Air Force

U.S. Air Force to track data, review accountability on diversity issues

Jan. 6 (UPI) — The U.S. Air Force announced administrative changes in data tracking of lesser disciplinary actions, for improvements in diversity and equal opportunity.

In two statements published on Tuesday, the Air Force called for improved tracking of information to determine “whether all discipline is being carried out in a fair and impartial manner.”

The Air Force also called for leadership to “assess command climate” in categories “relating to diversity, inclusion, belonging or equal opportunity topics.”

The directives, which were included in a December memorandum, come as all U.S. service branches seek to better identify incidents of bias in their ranks.

In July, Army Chief of Staff Gen. James McConville said that the branch has a problem not with diversity but with inclusion, noting that 39% of its personnel are considered as minority, but 71% of officers are white. He added that promotion boards no longer see photos of candidates to prevent implicit bias.

In August, the Defense Department began a crowdsourcing program to seek input from service members and civilian DoD employees for ways to better promote diversity and inclusion.

The Air Force directive announced on Tuesday calls for better tracking of data to help determine if all disciplinary actions are conducted impartially.

The branch plans to track data that include rank, age, gender, race and ethnicity of Airmen and Space Force Guardians who issue and receive the discipline.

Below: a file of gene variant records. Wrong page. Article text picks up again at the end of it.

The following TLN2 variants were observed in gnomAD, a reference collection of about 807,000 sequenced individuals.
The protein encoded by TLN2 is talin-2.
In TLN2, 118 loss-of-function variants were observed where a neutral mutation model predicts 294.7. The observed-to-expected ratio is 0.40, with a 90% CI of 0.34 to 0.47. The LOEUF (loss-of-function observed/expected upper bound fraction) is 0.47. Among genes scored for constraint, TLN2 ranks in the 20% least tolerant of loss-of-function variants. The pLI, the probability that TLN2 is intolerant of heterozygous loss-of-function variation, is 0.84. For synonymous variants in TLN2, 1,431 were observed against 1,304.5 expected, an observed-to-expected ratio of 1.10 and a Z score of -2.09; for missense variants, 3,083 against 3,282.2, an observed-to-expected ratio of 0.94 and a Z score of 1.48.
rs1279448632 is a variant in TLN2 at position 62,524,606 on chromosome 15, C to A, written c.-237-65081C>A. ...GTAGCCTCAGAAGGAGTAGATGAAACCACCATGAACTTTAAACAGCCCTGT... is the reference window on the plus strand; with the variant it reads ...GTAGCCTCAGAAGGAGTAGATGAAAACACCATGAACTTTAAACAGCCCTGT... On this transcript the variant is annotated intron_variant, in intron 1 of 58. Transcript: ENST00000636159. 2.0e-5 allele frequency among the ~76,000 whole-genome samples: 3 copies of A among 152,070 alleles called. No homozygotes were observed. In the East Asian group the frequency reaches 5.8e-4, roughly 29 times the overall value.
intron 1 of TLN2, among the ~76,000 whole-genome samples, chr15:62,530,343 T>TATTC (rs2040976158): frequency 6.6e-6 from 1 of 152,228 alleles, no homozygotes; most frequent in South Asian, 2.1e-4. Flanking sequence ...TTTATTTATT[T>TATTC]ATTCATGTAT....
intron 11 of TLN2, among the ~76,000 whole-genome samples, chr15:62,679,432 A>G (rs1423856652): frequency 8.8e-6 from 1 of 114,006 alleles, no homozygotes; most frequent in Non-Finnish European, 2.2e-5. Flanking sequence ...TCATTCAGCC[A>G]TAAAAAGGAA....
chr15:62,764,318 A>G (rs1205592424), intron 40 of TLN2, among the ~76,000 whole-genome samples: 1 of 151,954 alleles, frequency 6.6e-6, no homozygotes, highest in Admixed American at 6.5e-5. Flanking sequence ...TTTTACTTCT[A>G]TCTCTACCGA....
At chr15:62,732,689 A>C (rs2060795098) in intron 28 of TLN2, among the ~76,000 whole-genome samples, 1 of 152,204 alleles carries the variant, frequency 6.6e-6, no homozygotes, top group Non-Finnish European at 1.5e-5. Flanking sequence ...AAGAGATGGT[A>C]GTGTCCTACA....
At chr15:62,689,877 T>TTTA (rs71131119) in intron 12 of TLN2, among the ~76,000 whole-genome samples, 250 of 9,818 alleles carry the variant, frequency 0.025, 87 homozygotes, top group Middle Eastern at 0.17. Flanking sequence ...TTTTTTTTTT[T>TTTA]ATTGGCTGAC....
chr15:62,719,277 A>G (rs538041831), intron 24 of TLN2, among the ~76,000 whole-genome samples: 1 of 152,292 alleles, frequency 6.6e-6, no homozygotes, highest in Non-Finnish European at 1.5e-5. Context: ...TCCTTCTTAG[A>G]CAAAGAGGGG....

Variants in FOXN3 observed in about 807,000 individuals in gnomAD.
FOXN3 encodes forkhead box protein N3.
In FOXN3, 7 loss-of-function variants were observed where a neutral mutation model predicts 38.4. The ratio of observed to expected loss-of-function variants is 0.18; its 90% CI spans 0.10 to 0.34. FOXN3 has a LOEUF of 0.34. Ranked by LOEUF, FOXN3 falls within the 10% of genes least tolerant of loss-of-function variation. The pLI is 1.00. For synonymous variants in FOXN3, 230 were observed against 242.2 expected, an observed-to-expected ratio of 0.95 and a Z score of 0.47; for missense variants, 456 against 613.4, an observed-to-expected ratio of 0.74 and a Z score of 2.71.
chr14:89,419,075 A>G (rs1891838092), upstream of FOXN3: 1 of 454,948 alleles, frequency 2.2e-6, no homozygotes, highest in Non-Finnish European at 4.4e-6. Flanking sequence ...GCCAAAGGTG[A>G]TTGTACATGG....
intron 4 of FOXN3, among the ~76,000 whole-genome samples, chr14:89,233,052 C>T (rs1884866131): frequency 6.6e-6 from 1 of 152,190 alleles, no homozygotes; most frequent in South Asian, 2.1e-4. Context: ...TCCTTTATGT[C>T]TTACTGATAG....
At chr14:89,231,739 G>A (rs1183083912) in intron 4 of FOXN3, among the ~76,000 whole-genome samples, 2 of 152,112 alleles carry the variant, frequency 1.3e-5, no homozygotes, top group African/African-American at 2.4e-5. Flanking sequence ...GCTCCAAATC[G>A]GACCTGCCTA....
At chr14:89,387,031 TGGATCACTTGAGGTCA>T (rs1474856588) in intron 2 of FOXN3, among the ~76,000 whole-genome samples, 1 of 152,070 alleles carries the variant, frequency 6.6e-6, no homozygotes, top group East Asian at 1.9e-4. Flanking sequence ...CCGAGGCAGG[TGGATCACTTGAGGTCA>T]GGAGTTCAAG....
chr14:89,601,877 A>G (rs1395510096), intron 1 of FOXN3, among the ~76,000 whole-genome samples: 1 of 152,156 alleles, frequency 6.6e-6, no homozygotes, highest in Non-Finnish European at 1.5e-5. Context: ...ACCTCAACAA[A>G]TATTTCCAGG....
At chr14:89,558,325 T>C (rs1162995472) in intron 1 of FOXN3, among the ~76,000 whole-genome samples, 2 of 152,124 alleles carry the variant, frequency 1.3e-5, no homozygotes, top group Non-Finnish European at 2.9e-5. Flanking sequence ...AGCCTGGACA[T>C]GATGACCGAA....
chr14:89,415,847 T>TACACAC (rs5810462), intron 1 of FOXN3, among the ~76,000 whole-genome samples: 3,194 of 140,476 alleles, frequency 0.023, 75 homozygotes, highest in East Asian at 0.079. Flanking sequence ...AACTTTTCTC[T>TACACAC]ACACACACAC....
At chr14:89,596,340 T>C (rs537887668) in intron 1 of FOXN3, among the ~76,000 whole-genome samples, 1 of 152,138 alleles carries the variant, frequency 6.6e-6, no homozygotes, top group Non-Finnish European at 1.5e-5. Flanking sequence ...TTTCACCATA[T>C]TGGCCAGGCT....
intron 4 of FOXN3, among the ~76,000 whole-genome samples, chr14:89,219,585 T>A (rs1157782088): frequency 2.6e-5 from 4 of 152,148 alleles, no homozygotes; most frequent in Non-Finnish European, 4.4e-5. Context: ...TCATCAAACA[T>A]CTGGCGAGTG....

The plan “reinforces the Department’s commitment to ensuring all Airmen and Guardians are treated fairly and provides commanders insight to facilitate positive practices, such as increased mentoring and professional development,” said John A. Fedrigo, principal deputy assistant secretary of the Air Force for manpower and reserve affairs.

A second memorandum on Tuesday directs all commanders who scored less than 49% on the Defense Equal Opportunity Climate Survey to create an action plan within 60 days to address issues including fairness, inclusion, leadership support, racism, sexism, sexually harassing behavior and workplace hostility.

“We all play a role in creating a healthy organizational climate and it is critical we ensure a safe, engaged and inclusive environment for our Airmen and Guardians to achieve their full potential,” Fedrigo wrote.

The directives came on the same day the Air Force called on commanders to review official and unofficial unit emblems, recognition patches, mottos, nicknames and other iconography to root out offensive language or imagery.

That memorandum directs commanders to remove any imagery or language considered “derogatory to any race, gender, sexual orientation, ethnicity, religion, age or disability status.”